So…this could be good or bad. Sometimes the concavity in a hind foot is because the NPA has gotten worse. :upside_down_face: The more broken back P3 is, the more room there is for “concavity” to develop under it–it’s a bit of guesswork without rads, of course, but you can also sometimes tell by measuring the depth of the collateral grooves near the apex of the frog and near the heels. If it’s noticeably deeper at the apex than towards the heels, it’s very likely NPA. You can sometimes tell from pictures, too, but would need better pictures to really make an educated guess.

I have my horses out together 24/7 and some of them are in composites front and hind. Knock wood, I haven’t found a kick with a composite to be any worse than a kick with a bare foot. I wouldn’t turn horses out together with steels, but am not particularly concerned about composites, especially ones that are completely composite without a metal insert.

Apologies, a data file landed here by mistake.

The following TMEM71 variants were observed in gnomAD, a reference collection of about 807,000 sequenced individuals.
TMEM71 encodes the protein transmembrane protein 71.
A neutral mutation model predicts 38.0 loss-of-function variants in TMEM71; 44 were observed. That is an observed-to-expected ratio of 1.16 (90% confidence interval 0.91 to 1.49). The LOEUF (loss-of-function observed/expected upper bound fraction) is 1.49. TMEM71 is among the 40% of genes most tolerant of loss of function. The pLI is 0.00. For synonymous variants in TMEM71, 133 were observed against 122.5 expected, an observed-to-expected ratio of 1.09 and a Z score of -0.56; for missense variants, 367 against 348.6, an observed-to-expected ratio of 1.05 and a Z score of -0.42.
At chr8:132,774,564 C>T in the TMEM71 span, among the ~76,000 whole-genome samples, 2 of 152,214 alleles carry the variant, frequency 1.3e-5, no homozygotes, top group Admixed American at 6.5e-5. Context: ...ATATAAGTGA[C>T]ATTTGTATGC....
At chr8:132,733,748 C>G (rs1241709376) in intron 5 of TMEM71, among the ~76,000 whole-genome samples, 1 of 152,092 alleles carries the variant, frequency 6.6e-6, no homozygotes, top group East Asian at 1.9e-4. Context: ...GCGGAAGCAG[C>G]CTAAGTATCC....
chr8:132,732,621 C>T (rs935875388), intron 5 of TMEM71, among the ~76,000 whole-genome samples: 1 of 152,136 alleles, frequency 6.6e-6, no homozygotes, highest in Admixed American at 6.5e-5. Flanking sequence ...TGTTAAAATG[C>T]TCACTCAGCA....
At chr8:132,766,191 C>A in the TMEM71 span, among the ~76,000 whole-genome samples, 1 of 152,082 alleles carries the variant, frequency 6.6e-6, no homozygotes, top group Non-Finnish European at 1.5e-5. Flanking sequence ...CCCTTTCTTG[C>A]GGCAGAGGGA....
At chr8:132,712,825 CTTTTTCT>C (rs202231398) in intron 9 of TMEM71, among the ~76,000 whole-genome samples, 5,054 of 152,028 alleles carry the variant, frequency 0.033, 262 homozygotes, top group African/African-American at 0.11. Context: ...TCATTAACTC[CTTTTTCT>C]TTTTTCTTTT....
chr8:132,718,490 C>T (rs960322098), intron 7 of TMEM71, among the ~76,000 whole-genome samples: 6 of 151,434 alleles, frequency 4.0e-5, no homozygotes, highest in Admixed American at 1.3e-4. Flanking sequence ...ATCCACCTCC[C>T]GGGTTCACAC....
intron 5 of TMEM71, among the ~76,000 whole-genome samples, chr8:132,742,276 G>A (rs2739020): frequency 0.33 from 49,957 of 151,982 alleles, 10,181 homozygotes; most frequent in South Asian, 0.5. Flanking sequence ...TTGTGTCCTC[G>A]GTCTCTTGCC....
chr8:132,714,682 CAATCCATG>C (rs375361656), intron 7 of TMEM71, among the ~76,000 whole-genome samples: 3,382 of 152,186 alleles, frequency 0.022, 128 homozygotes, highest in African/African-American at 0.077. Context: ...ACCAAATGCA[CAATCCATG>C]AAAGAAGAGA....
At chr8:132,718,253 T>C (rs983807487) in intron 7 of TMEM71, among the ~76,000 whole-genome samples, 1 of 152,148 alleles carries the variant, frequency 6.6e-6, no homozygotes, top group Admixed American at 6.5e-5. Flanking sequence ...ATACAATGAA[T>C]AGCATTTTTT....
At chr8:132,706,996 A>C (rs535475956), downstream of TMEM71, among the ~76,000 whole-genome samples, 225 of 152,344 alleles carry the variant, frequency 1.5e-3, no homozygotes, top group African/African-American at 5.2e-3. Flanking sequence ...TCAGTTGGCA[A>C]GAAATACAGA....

I’ve been SUPER pleased with the EasyShoe 3Ds for hind feet with NPA especially–of course the trim is essential, but I’ve seen really positive growth. This is the left hind of a horse who had horrible NPA behind and ongoing struggles with the fronts–the top left picture is from September, the day I first put on the 3Ds. The top right is from late October, after 5 weeks. The bottom picture is from late December, two cycles later. I did end up tweaking the trim a bit more on this foot in the bottom picture, but didn’t grab any other pictures. His comfort has noticeably improved.